Last Friday, I decided to make the Martinique, a quirky drink I had spotted in Pioneers of Mixing at Elite Bars: 1903-1933. With its name, I would a priori expect a rum drink; however, this was primarily a rye and sweet vermouth-based libation. With additions of orgeat, pineapple juice, and absinthe, the Martinique was instead a tropical Manhattan. The absinthe's anise greeted the nose, and the fruity sip offered up grape and pineapple flavors. The rye and orgeat began the swallow that was capped off by the absinthe's herbal notes on the aftertaste. While I was familiar with how well pineapple and absinthe can work in drinks, I was additionally impressed with the orgeat and rye pairing. Looking back in my notes, I had another similar drink during the Pernod Absinthe Bar Crawl; Drink's Creole Fizz was akin to a tropical Sazerac with similar rye, pineapple, orgeat, and absinthe notes.

flor de muertos

1 oz Reposado Tequila (Espolon)
1 oz Velvet Falernum
1/2 oz Mezcal (Vida)
1/2 oz Punt e Mes
1/2 oz Lime Juice

Shake with ice and strain into a cocktail glass. Garnish with a lime twist.

After the TDN event last Thursday, Andrea was in the mood for a nightcap. A recipe that appealed to her was one of the other tequila drinks from Rickhouse that SeriousEats had published. With the Punt e Mes and mezcal, the Flor de Muertos reminded me of Misty Kalkofen's Maximilian Affair with some tiki-like touches like lime and falernum instead of lemon and St. Germain.
The Flor de Muertos' aroma presented lime, tequila, and mezcal notes; this led into the sweet lime sip that contained a decent amount body to it. The swallow began with the tequila and mezcal's agave followed by the mezcal's smokiness; next, the Punt e Mes' bitter flavors rounded out the drink. Over successive sips, the falernum's clove notes became increasingly more prominent on the aftertaste.

Thursday, December 22, 2011

black limbertwig toddy

1 barspoon Blackstrap Molasses (1/8 oz)
1 oz Laird's Bonded Apple Brandy (sub Calvados)
1/2 oz King's Ginger (sub Snap or Domaine de Canton)
2 dash Fee's Whiskey Barrel Bitters (sub Angostura)
1 piece Lemon Peel
2 oz Boiling Water

Preheat a 4 oz hot drink glass with boiling water. Dump out water, add molasses and fresh hot water. Stir until molasses has integrated. Add rest of ingredients and stir.
For Mixoloseum's Thursday Drink Night last week, the theme was "hot drinks." For a starting point, I thought about the rum and molasses classic Hot Black Stripe. An earlier recipe appears in Jerry Thomas, but I utilized the one in George J. Kappeler's Modern American Drinks where I had spotted it last. Using the same hot water and black strap molasses base, I replaced the rum in favor of apple and ginger notes and named the drink after an old heirloom apple varietal. This Toddy began with lemon, apple, and black strap molasses aromas. The black strap's richness donated greatly to the sip, and the ginger and apple flavors pleasantly rounded out the swallow.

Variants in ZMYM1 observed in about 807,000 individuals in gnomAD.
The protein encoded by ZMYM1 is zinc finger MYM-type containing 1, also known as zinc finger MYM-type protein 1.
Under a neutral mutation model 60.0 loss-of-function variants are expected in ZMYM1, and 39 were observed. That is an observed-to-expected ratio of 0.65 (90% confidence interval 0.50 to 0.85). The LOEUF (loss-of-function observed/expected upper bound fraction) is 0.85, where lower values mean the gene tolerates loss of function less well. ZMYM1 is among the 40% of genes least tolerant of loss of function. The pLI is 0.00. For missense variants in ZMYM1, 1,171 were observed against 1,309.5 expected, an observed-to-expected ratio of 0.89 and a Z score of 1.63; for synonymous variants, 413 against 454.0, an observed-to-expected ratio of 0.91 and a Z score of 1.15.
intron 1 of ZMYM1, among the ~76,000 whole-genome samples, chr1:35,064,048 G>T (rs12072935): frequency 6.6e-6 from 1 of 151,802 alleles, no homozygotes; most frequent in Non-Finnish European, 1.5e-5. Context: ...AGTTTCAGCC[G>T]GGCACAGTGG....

a bullet for fredo

2 part Nardini Aquavite Bassano Riserva Aged Grappa
2 part Perucchi Vermouth Blanc
1 part Campari

Compound the mixture for bottling and refrigerate. Serve chilled and undiluted in a small cocktail glass. Twist a grapefruit peel over the top and discard.

For my second drink at Brick & Mortar, I narrowed down my choices to two, and bartender Evan Harrison's description of A Bullet for Fredo won me over. With two of the three ingredients being Italian, the drink being named after the Godfather movies seemed perfect. Part of what convinced me was that I became intrigued about it being undiluted; the other part was the mention of a curious chocolate note in the drink that Evan could not attribute. When I was shown the bottle of grappa, I was able to search on my phone to discover that it had spent 15 years in Slovenian oak and that one review declared hints of spice, vanilla, and tobacco from the aging process. With the grappa weighing in at 100 proof and no water added, I calculated the drink to be 64 proof in perhaps a 4 ounce glass; potent but not overly so. When I later praised Misty Kalkofen about the grappa in the drink, she commented that the bar's staff favored drinking this grappa over other spirits during training.
The drink began with the complementary pairing of grapefruit oil and Campari which has worked well in other drinks. The sip then offered up a funky grape flavor with almost citrussy notes; I initially attributed this from carrying over from the twist although the vermouth and the grappa could have also played a part. On the swallow, the Campari's bitterness accompanied that quirky note that Evan described. Indeed, this note started chocolate and ended tobacco. Perhaps in a pinch, taking an unaged grappa and adding a dash of chocolate bitters could substitute this effect. Overall, A Bullet for Fredo was very different from a Negroni, for it was less rich, grapey, and herbal in its balance.